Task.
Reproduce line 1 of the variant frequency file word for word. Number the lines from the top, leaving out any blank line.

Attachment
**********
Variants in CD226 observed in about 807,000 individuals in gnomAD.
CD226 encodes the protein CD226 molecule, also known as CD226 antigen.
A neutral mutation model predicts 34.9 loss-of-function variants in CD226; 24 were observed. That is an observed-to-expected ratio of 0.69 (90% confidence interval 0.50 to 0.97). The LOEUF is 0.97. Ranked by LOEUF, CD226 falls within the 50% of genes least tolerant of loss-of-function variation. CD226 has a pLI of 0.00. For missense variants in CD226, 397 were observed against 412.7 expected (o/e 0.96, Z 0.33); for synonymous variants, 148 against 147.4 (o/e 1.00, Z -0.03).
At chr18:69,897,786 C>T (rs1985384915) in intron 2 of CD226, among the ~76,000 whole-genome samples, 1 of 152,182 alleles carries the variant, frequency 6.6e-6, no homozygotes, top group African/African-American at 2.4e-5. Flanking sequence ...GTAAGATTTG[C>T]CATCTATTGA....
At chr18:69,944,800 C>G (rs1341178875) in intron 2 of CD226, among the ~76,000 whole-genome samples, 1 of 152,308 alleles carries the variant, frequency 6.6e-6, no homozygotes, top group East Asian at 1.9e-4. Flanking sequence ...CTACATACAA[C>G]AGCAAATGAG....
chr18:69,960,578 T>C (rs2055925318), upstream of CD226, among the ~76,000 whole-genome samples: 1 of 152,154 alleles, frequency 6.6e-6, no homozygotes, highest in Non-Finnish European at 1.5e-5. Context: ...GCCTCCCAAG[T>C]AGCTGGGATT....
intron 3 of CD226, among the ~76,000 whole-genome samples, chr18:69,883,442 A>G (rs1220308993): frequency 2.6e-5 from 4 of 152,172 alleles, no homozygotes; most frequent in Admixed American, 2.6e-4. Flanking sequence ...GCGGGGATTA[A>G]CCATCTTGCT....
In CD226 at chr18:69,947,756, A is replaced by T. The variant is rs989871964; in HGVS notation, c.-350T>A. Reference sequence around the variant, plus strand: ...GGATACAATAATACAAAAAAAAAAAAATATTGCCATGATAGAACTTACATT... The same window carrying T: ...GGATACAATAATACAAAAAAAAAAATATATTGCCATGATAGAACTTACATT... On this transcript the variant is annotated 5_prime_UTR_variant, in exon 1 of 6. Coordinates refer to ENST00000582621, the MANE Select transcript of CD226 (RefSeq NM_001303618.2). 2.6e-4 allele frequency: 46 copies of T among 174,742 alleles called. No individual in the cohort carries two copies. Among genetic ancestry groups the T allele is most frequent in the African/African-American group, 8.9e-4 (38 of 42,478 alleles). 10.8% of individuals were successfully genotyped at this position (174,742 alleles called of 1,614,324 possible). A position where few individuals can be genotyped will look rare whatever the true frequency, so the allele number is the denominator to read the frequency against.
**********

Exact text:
Variants in CD226 observed in about 807,000 individuals in gnomAD.